That got a laugh, because the prospect of seeing our country now seemed more distant than ever.
‘Thirdly, you can join me and head south.’
All of us decided to go with him. Passing back through Besançon, we drove right past some German sentries guarding a bridge and they presented arms to us; I can only assume they had no clue that we were Polish or that our units would still be in the vicinity.
Our luck ran out on a mountain road after one of the trucks broke down. On one side of the road there was a steep incline, while the other side had a sharp drop, which meant none of the vehicles behind could pass. Our troops were trying to push the broken-down truck down the escarpment when shots rang out and all of the men scattered. I ran into the woods and climbed up a tree, where I waited for the firing to die down. I clambered down when I thought it was safe, but heard someone walking behind me; I turned around to see a German officer approaching, with a revolver in one hand and a stick grenade in the other. I walked slowly ahead of him back to the road, where I saw the rest of my unit had been rounded up. The German soldiers began to shout at me to drop my weapon and, at first, I didn’t understand them. Then I realised my rifle was still in my hands and I slowly set it on the ground, joining the others – no longer soldiers but prisoners of war.
The Germans were short of transport and drivers, so they made us use our remaining truck and we returned north under the glare of enemy guards. We hadn’t got far when the Germans called a halt in an area that seemed like a good place to try and make an escape. I also noted – and don’t ask me where it had come from – a 5 kg vat of marmalade, the type they used in the canteens. I decided this would offer the perfect distraction if I tipped it over and ran in the other direction. I did this when the Germans became engrossed in conversation and dashed down the roadside slope into some nearby woods. My heart was pounding but nothing happened; either the Germans hadn’t seen me or didn’t care that I’d bolted.
After ten or 15 minutes, I heard both captors and captives drive off. I went up the slope and, back on the road, started walking south. I came across a barn that evening and decided to stay there overnight. But a dog started barking furiously just after I settled down and this alerted the farmer to my presence; he burst into the barn and demanded to know who I was and I quickly explained. He wanted me to leave straight away.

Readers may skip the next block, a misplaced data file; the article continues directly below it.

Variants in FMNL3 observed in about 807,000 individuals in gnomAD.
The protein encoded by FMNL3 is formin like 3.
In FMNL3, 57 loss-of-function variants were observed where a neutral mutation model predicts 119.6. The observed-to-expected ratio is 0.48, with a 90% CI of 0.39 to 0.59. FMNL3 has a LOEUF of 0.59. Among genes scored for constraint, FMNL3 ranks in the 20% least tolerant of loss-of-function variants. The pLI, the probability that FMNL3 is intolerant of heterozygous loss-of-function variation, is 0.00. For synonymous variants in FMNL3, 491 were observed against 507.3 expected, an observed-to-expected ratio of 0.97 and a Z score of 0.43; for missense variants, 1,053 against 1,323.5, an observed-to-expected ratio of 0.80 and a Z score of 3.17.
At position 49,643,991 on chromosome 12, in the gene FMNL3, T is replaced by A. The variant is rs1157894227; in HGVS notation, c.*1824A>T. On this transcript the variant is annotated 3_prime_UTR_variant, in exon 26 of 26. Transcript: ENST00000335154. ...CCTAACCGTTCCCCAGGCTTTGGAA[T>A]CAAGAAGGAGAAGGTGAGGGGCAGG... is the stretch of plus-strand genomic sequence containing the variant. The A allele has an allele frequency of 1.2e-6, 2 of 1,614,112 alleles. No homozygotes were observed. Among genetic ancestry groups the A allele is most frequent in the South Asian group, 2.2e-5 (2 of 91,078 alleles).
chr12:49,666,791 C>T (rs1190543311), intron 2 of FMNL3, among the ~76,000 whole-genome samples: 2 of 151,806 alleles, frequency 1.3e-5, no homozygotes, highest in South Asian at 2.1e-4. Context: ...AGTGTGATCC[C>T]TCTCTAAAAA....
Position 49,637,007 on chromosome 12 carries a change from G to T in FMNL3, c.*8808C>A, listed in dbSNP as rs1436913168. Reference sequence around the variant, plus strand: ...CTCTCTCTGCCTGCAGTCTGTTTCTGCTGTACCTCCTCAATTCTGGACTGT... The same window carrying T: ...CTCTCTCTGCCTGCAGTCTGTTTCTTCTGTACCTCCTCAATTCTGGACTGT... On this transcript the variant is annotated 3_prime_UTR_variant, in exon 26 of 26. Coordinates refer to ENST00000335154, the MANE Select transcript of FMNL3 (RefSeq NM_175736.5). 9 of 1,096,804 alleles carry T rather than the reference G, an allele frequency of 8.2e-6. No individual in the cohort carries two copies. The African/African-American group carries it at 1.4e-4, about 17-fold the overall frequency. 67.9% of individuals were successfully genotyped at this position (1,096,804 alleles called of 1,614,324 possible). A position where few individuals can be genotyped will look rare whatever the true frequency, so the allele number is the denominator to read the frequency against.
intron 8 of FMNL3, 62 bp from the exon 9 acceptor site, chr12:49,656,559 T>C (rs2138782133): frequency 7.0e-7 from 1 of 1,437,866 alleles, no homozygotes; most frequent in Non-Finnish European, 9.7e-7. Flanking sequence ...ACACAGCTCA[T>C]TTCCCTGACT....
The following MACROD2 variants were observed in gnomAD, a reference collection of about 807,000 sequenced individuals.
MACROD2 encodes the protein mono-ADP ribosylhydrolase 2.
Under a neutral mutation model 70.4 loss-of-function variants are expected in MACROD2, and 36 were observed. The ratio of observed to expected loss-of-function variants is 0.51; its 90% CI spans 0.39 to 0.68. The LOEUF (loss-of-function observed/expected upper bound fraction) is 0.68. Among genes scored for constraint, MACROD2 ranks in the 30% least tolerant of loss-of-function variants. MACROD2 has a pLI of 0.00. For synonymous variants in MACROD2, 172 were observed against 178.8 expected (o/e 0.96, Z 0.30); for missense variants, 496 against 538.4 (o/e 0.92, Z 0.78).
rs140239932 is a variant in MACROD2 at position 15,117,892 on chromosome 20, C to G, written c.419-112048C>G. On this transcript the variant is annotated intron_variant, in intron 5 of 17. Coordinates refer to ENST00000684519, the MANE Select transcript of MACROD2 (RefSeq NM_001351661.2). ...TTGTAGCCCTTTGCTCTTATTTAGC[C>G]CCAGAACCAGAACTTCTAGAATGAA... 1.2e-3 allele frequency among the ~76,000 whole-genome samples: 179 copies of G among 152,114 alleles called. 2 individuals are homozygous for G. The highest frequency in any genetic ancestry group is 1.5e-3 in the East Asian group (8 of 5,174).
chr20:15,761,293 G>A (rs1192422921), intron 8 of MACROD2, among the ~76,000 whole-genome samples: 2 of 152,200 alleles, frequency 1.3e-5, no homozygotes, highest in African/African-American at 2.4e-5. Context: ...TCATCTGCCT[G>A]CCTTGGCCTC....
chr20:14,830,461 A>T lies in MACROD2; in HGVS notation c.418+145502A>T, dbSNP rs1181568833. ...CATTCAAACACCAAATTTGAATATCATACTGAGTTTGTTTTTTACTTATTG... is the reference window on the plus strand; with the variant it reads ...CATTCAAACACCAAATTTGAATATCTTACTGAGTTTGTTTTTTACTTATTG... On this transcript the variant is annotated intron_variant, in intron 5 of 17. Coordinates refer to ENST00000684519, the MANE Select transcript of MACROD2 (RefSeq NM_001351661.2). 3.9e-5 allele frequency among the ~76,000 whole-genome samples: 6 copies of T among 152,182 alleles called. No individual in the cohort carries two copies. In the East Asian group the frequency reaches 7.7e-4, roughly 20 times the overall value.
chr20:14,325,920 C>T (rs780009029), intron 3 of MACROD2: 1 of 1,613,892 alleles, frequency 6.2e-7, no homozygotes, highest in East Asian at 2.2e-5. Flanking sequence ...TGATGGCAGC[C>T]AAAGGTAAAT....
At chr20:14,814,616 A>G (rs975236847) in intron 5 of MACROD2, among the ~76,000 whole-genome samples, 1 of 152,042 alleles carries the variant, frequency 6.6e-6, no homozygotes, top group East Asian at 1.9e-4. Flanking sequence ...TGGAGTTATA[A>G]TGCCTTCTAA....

‘The Germans are near and if they find you here they’ll execute me,’ he said.
I begged him to let me to stay overnight.
‘Okay,’ he said, ‘but you leave at 5 am.’
He came in at dawn the next day with some coffee and sandwiches. After I had finished breakfast he said ‘bon voyage’, which was my cue to leave.
I continued south and came to a place called Morez and walked up into the hills, inadvertently reaching the Swiss border. I came across a guard post and a Swiss soldier appeared, shouting for me to come over, but the idea of spending the rest of the war stuck in a neutral country did not appeal to me. So I continued down a valley to a small place called Gex. Starving, I found a restaurant and just stood in front of its window, looking at the customers eating. A man came out and asked me who I was and I explained. He brought me a meal and took me to a nearby nunnery, where they gave me a bed and I slept for 24 hours straight.
My plan now was to head for Marseilles, which I knew had a Polish consulate. I hoped they’d help me get out of France and into British territory somehow. I was lucky enough to get a ride on a truck to Annency, a town next to a large lake, and discovered crowds had gathered in the market square. The French tricolour was being slowly lowered and many people were openly weeping, so I asked what had happened. They explained that Marshal Pétain had agreed to an armistice and that France was now divided into two.* It was alarming news that spurred me on and I was lucky enough to catch a coach at Ugine, a village close to Annecy. The driver allowed me on the bus, despite my not having any money. On board, a Polish immigrant approached and gave me her sandwiches and some cash, which allowed me to pay for a bus ticket to Albertville, where I was arrested almost immediately on arrival.